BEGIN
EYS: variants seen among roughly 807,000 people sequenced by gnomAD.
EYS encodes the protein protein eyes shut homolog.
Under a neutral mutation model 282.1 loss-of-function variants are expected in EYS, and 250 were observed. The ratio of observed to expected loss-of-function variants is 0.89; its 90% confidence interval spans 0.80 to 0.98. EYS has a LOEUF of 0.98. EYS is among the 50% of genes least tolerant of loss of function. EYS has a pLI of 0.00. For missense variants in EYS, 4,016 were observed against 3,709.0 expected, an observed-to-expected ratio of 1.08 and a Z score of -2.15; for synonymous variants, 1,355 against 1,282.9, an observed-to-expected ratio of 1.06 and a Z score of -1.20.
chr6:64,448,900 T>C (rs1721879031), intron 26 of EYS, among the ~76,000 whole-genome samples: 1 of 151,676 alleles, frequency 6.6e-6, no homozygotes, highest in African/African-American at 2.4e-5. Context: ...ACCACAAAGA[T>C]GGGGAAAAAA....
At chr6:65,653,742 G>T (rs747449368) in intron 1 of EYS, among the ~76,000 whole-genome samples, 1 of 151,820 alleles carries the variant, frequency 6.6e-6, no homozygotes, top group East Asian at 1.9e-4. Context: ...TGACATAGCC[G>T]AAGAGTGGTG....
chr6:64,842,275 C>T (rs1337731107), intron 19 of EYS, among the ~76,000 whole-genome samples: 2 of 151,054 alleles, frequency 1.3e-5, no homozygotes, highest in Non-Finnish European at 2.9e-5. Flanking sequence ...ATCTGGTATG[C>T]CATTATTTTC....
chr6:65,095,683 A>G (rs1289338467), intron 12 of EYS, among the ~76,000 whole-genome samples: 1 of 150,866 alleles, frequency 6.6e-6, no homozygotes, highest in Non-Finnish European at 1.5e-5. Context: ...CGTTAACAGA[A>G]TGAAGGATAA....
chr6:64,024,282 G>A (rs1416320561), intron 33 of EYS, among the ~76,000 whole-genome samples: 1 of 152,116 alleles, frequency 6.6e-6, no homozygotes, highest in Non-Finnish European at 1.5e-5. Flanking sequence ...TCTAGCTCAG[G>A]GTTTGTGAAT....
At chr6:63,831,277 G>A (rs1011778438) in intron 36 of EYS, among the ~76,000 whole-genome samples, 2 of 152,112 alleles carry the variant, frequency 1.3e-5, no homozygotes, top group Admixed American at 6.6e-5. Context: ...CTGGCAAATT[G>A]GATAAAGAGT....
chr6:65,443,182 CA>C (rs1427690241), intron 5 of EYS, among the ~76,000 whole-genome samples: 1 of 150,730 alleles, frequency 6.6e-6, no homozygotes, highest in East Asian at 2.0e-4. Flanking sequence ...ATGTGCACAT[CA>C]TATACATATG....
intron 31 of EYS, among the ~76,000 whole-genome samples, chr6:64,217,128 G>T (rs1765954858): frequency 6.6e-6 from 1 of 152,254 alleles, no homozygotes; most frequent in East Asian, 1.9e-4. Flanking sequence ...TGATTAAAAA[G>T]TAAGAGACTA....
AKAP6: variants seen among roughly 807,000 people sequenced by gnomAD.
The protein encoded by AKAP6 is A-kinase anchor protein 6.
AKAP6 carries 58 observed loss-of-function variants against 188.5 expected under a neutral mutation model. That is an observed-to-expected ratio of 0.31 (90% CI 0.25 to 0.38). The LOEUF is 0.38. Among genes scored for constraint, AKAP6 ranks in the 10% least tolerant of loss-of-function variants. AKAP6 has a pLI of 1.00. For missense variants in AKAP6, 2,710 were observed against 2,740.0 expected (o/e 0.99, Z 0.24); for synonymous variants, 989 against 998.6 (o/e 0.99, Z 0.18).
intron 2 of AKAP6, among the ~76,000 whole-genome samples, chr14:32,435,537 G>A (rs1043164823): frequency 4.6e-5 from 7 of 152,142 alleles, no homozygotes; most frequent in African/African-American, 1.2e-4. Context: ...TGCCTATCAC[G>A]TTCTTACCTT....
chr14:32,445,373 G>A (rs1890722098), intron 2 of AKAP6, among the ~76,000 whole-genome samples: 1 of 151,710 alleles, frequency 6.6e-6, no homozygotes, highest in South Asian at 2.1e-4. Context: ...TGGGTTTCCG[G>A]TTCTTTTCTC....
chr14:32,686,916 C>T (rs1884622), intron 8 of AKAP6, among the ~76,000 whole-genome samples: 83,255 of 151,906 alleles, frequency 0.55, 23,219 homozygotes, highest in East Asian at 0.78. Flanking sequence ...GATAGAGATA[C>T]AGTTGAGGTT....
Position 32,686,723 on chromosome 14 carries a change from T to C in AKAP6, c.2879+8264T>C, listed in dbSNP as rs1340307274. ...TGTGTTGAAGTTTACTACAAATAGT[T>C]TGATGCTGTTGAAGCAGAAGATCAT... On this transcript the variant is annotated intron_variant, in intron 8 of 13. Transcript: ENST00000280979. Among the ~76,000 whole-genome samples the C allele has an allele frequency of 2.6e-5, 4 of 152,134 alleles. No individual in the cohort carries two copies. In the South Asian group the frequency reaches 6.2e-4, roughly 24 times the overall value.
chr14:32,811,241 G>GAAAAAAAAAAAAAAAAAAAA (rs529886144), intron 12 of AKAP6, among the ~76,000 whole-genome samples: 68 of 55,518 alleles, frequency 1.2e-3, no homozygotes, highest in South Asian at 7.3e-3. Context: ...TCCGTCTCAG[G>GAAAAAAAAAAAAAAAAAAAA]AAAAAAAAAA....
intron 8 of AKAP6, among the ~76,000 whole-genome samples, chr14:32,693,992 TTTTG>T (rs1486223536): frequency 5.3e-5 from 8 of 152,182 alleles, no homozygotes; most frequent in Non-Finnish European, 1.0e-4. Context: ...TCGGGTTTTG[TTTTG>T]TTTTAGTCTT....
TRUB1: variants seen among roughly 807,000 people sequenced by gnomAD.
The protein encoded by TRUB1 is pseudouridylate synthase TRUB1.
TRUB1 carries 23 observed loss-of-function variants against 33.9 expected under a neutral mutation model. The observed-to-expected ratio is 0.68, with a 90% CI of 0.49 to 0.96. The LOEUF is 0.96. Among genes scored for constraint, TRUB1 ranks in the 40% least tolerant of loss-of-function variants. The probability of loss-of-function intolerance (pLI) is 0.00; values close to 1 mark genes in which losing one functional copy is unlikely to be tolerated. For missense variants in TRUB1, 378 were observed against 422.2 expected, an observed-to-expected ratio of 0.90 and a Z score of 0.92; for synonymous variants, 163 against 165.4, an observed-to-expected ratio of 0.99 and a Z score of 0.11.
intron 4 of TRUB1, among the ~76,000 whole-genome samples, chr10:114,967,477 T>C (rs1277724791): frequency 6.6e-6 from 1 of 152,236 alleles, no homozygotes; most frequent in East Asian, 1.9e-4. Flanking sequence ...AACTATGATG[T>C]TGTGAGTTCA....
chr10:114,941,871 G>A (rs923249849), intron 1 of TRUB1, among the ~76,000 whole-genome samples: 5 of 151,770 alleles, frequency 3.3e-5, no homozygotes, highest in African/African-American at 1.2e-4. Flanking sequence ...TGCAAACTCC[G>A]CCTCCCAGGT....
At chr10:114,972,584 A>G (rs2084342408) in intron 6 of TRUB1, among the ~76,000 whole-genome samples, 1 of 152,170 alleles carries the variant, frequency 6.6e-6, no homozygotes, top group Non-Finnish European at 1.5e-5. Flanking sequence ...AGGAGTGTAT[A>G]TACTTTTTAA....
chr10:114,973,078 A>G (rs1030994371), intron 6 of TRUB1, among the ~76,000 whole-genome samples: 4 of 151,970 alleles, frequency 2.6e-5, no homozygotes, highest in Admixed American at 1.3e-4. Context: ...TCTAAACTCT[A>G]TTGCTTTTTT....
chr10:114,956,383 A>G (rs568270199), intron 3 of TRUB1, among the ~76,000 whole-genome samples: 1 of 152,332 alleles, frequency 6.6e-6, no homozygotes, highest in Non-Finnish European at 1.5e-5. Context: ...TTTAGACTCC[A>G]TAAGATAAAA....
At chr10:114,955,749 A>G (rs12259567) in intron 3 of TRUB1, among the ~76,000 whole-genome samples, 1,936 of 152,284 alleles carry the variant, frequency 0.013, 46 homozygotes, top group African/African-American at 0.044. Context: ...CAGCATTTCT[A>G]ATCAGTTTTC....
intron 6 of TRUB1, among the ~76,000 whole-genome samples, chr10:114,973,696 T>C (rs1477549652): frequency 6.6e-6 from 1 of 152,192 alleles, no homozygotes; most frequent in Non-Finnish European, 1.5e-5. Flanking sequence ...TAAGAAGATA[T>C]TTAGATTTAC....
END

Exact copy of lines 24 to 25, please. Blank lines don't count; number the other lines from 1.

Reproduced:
intron 4 of TRUB1, among the ~76,000 whole-genome samples, chr10:114,967,477 T>C (rs1277724791): frequency 6.6e-6 from 1 of 152,236 alleles, no homozygotes; most frequent in East Asian, 1.9e-4. Flanking sequence ...AACTATGATG[T>C]TGTGAGTTCA....
chr10:114,941,871 G>A (rs923249849), intron 1 of TRUB1, among the ~76,000 whole-genome samples: 5 of 151,770 alleles, frequency 3.3e-5, no homozygotes, highest in African/African-American at 1.2e-4. Flanking sequence ...TGCAAACTCC[G>A]CCTCCCAGGT....